Back in the early and mid-1970s, it seemed as though everyone smoked pot, or marijuana. I vividly recall seeing other high school students toking on joints just outside the fence that defined the property line as my bus would pull into the lot. As classes began, I could easily still smell the rather pungent but yet sweet aroma on their breath. It was during this time that I also began going to rock concerts to see bands like Kiss, Aerosmith, Black Oak Arkansas, Ted Nugent, and others. All of these indoor shows carried a common theme. Chances were good that a complete stranger sitting either next to you or nearby would be smoking a joint. When he or she finished taking a hit, it would get passed around to others! They all looked like crude cigarettes, but some were quite colorful as the contents were wrapped with flavored rolling papers. As an impressionable 14-year-old, I actually enjoyed the smell and noted the cameraderie among those strangers who passed these odd-looking cigarettes around. It should be noted here that many people smoked regular tobacco indoors in those days as well. The “secondhand smoke” hype that has ostracized 20% or our adult population was still years away.
Nevertheless, I didn’t try my first joint until January 31, 1975. I was 15 and attending my first “boy-girl” party. The circle of friends I attended this party with got bored about halfway through the festivities. Understandably, it was being chaperoned by the host’s parents, and thus no smoking or spiked punch was present! These friends of mine decided to take a walk to “get some freah air,” and asked if I would like to come along. As soon as we were about 50 yards away, one of them pulled out a joint and lit it. As it was passed to me, I took a hit. I was surprised to find that the smoke was far easier to inhale than that of tobacco. One of the friends then told me that I had to hold it in my lungs for a few seconds before exhaling if I wanted to get high. I took her advice, and soon began giggling at everything. When we returned to the party about 30 minutes later, the parents didn’t say anything, but gave us questioning looks, to say the least.
For the next 7-8 years, I smoked the occasional joint, but never considered myself addicted. Truth be told, I liked cigarettes better. However, I was exposed to pot and many other drugs on a regular basis by this time, for I had become a rock musician myself. It has been said that when a person begins to smoke marijuana, this ultimately leads to experimentation with harder illicit substances such as cocaine, speed, acid, etc. Fortunately, save for one instance when I unknowingly smoked some reefer laced with LSD until after the fact, I never dabbled in anything stronger than hashish; which was essentially a slightly more potent variety of the popular “weed.”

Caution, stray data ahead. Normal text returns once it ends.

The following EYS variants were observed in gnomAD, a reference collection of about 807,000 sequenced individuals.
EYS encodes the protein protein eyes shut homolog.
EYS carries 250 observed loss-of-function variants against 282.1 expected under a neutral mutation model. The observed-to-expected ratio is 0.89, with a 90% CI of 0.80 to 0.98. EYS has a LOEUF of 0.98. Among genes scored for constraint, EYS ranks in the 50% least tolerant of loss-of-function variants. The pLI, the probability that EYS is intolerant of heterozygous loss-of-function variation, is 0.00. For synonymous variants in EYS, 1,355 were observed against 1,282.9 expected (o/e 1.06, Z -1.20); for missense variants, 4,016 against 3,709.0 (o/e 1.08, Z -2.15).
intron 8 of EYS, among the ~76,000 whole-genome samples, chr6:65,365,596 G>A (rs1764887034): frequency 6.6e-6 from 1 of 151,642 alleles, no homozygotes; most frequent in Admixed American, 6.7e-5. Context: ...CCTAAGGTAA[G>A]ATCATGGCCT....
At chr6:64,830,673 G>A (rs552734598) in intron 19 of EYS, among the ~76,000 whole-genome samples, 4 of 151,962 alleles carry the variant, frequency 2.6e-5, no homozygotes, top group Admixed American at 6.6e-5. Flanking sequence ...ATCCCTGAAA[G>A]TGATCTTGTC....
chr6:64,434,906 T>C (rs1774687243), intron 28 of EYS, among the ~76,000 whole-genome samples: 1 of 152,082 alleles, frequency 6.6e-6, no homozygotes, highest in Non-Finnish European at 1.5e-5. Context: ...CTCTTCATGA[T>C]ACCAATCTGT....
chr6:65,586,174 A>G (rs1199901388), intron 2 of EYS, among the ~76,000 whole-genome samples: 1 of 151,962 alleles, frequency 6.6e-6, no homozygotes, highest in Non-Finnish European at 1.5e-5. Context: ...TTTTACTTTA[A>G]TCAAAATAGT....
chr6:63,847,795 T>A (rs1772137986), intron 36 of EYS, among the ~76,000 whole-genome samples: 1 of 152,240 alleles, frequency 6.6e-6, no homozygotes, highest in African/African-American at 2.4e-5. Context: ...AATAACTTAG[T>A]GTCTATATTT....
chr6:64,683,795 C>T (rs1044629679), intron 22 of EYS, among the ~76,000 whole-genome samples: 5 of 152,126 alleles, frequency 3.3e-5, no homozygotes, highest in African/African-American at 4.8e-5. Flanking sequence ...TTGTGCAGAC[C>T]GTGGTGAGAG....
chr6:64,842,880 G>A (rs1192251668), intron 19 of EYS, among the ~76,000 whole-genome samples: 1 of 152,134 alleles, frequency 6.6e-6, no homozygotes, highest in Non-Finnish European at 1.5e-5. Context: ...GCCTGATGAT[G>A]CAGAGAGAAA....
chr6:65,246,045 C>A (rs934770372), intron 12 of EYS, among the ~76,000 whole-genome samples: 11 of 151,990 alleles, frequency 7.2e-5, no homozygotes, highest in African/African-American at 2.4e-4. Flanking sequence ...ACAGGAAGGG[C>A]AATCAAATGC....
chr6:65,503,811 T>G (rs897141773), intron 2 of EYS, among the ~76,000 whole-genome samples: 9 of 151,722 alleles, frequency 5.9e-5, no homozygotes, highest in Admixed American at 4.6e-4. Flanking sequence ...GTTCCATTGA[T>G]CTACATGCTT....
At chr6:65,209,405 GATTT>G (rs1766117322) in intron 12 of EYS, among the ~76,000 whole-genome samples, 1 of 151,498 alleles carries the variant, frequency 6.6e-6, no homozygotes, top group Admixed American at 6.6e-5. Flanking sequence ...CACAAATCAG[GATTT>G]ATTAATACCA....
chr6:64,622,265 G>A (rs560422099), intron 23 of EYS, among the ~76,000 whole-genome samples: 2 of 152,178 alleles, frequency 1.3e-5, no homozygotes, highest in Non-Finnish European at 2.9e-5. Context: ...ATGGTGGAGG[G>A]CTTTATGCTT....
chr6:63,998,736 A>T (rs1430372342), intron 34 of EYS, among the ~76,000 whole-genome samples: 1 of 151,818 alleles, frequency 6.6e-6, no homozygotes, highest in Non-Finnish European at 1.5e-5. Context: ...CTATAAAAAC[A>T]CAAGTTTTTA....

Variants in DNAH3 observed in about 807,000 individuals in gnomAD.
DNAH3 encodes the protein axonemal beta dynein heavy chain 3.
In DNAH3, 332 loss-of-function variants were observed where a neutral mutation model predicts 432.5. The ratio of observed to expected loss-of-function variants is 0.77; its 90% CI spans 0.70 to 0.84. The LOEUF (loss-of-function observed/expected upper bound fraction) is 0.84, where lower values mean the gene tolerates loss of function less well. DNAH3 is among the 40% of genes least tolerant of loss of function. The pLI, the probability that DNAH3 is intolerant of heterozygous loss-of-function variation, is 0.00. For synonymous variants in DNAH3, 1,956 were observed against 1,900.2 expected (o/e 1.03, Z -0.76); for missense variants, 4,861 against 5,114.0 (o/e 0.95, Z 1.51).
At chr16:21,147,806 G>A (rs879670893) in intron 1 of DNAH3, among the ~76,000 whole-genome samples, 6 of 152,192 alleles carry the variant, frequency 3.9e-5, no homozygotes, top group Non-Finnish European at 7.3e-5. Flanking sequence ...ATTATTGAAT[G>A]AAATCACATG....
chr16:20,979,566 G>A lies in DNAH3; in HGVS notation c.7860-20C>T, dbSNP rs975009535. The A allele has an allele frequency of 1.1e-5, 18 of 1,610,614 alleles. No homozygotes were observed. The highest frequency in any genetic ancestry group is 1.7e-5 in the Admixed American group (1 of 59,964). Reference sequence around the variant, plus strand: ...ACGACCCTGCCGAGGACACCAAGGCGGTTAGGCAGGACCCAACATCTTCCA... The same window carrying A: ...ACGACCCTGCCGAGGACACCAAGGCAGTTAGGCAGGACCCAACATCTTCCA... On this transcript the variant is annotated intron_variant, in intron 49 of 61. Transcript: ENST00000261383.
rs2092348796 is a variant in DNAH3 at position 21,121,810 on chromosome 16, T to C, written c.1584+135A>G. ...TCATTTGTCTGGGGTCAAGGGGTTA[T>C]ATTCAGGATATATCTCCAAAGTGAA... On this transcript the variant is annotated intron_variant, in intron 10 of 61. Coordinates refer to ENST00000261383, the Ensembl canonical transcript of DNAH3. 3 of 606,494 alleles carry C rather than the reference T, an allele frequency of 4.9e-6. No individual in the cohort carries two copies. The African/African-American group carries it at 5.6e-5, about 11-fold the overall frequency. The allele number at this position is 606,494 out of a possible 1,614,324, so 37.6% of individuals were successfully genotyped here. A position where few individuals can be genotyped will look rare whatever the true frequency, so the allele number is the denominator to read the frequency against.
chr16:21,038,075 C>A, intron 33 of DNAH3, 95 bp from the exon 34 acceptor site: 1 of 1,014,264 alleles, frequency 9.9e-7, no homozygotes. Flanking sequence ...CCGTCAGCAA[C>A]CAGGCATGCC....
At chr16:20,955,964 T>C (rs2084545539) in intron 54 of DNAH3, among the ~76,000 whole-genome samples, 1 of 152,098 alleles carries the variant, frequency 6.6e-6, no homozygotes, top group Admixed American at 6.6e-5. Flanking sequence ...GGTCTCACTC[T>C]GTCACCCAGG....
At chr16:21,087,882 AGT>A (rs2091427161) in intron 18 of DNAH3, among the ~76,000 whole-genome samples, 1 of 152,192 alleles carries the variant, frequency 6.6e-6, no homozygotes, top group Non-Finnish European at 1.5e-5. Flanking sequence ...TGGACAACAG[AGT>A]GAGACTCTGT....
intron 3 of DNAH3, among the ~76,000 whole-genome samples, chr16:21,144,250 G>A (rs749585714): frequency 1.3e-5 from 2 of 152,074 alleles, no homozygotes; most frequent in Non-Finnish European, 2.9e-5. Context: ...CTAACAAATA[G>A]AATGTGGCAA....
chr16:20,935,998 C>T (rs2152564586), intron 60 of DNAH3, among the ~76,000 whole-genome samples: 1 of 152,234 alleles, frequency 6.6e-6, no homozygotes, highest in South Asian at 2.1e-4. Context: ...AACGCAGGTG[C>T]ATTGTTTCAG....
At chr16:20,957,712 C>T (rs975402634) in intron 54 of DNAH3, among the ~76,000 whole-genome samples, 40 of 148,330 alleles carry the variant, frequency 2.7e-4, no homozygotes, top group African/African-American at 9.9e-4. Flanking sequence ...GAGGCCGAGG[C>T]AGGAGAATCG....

I would by lying by not commenting that this sole LSD experience was quite interesting. For about an hour or two, everything around me appeared to be animated as if I were in a cartoon! At the same time; however, I was smart enough to realize that I was lucky this time, and I never touched acid again. Nor did I ever try coke, heroin, or any of the other stuff that was going around in those days. Take a look at Keith Richards today. Enough said.
As the 1970s gave way to the 1980s, I smoked less and less marijuana. Eventually, it began to make me sick. I would get “the spins,” as one does when consuming too much alcohol. This in turn resulted in nausea. I took my very last hit of reefer in 1983, and have never touched it since.
I now have a teenager myself, and both my wife and I have admitted to experimenting with drugs when we were young. In fact, our daughter requested this information for a school project. As products of the 1970s, we were certainly not alone!
With that said, I find no harm in legalizing this plant for smoking and treating it in the same manner as alcohol. On a personal level; however, I’ve learned to live without it.